Wayward Q&A: Interview with Kliph Scurlock of the Flaming Lips
If there’s any band that needs no introduction on any planet or in dimension, it’s the Flaming Lips. The Oklahoma City legends’ new album, Embryonic, comes out today: a hefty, 18-track double album full of some of the most daring and schizoid music the band has produced in years. The band plays The Late Show with Conan O’Brien tonight as part of a series of release-week events in LA that includes a MySpace secret show and the opening of a pop-up store.
Before all the hullabaloo began, we caught up with drummer Kliph Scurlock at his home in Lawrence to talk about, among other things, the Miles Davis influence on the album, astrology, Namelessnumberheadman, and who would play him and Wayne in a movie.
The Wayward Blog: So what’s your year been like?
Kliph Scurlock: Oh, man… The first few weeks of the year were pretty mellow. We played a show on New Year’s Eve in Oklahoma. I got home around the 3rd or so and hung out for a couple of weeks. We did a video for that song “Borderline” that we did with Star Death and White Dwarfs for the Warner Bros. 50th anniversary compilation thing. After that, we started going over to Steven’s and working on songs. We did that pretty much every day for a couple months, and in March or April, we started going up to Tarbox and recording there. For a few months, we’d be at Tarbox for a couple weeks and come back and be at Steven’s, recording there, working on demos. Some of the stuff we recorded at Steven’s we’d take up to Dave’s place [Dave Fridman of Tarbox Studios], and he’d fix ’em up and make ’em sound better, and then we’d add to those.
Was this your first experience recording with the Flaming Lips?
I would say yeah. I’ve done some B-sides and stuff, but as far as doing an album project, it was my first time.
Was that monumental?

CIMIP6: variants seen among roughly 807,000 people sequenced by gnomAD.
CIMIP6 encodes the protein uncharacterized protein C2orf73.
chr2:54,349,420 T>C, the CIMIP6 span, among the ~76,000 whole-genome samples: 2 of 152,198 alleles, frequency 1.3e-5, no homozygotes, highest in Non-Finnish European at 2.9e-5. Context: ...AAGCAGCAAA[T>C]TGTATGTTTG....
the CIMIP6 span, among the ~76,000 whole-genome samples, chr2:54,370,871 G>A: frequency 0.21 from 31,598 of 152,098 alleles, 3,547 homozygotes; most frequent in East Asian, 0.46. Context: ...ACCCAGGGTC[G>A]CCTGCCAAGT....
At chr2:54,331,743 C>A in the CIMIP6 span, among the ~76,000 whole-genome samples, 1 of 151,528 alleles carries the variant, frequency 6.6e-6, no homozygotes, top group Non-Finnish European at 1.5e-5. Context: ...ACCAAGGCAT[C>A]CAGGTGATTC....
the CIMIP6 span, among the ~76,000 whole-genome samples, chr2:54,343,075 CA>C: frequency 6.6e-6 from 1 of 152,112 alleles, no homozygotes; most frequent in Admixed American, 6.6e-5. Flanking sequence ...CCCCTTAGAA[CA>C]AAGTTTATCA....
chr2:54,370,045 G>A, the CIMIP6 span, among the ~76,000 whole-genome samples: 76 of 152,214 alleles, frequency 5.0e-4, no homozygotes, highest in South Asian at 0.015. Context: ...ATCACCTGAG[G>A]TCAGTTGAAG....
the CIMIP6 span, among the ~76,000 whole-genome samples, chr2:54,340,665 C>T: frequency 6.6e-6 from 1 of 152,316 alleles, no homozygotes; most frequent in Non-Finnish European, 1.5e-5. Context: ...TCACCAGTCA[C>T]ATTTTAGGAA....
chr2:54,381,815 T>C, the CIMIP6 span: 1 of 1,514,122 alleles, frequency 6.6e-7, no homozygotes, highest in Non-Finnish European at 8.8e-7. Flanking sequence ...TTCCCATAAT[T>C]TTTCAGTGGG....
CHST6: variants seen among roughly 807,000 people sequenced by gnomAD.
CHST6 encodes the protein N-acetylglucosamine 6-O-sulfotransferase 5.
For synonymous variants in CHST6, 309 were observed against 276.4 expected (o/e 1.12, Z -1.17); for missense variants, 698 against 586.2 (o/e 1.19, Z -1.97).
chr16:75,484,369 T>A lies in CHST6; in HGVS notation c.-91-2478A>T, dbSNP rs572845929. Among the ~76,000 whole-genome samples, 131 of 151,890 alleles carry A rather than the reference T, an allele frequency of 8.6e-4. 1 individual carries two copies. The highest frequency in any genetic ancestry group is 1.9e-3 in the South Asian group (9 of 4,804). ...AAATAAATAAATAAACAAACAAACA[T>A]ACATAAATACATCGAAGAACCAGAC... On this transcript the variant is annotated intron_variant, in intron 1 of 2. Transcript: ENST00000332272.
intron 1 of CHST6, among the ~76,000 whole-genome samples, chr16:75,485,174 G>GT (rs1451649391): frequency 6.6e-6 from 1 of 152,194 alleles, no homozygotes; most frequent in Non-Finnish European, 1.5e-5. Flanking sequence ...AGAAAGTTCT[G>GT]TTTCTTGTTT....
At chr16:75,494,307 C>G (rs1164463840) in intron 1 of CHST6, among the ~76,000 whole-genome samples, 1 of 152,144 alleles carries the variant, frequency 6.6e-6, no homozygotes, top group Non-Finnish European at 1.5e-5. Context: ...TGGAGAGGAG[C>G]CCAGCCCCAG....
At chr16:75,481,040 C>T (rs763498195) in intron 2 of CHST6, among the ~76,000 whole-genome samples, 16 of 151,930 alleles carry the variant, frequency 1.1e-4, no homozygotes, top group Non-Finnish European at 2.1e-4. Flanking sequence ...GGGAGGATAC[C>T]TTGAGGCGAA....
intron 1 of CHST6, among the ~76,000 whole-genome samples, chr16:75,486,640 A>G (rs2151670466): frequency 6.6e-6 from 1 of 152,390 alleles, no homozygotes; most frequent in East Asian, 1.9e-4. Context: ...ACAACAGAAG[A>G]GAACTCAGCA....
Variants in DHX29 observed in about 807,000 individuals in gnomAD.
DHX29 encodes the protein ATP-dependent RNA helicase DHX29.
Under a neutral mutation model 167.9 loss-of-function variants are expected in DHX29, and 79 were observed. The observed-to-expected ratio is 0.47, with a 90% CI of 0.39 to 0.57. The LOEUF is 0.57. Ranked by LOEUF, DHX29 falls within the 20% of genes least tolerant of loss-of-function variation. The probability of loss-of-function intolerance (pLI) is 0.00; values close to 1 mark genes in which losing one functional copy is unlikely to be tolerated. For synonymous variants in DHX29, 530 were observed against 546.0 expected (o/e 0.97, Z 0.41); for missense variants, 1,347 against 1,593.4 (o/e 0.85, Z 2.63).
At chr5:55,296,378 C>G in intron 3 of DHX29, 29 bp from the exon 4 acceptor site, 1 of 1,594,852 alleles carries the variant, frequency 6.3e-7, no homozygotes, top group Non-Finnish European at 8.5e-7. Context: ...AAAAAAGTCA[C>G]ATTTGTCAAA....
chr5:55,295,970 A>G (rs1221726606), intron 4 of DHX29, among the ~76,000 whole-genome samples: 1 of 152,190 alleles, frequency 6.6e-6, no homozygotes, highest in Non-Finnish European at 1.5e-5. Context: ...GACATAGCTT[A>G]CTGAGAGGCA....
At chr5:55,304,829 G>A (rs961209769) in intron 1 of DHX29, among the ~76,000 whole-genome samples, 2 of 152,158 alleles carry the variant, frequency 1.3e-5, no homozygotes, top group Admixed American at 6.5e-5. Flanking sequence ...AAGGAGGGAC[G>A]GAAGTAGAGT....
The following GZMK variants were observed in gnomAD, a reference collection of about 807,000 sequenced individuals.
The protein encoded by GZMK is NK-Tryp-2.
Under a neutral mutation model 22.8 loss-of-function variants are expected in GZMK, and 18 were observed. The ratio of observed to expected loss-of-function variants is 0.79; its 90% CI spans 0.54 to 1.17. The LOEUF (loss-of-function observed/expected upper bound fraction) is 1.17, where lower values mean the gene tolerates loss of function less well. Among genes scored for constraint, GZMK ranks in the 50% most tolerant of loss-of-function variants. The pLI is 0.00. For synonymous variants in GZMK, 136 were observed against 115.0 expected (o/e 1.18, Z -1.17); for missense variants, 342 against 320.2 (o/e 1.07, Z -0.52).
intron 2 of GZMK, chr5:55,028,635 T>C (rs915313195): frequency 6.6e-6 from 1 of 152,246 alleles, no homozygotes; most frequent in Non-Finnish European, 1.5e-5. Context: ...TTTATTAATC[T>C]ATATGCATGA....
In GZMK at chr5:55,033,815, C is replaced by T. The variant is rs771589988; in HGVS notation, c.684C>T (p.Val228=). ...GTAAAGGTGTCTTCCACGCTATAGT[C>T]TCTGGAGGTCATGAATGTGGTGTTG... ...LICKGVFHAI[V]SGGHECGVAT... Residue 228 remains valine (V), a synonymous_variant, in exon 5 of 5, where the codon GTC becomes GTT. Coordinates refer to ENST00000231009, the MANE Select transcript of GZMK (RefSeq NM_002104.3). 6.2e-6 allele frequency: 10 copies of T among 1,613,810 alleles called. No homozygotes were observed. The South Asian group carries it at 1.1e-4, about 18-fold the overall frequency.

It was. It was kind of weird when Wayne called and said, “We’re gonna do this video and after that we’re going to Steven’s to do some recording, so be prepared to be down here a while.” I was like, “Oh, wow, alright.” So it was, but at the same time, the day to day of doing it didn’t seem particularly monumental, because, you know, I’ve known those guys for so long and worked for them and have been playing with them for the last seven years, and when we’re all together … it’s only when I think about the fact that “oh shit, we’re doing an album, and I’m here in it”…
Did any outside influences shape the recording of the album – other albums, bands, movies…
Actually, it’s funny you should mention movies because Wayne really got into this movie called The Night Porter, I think. It’s this weird film from, I think 1974, about a girl who was a Jew during World War II and one of the Nazi guards who tortured her and raped her and fucked with her all the time, and she survives the concentration camps, and later she goes to this hotel and that guy is working as the night porter, and they have this weird relationship, and turns out she actually liked it. I’m not sure what about it Wayne got into, but he did, and it ended up shaping some of the lyrics. A couple people asked me, “Was Wayne in a bad mood when he was doing the album? The lyrics are dark!” He wasn’t at all, he was just exploring different lyrical things, and watching this movie and the psychology of somebody that could actually enjoy torture and being abused and submission and domination and stuff like that.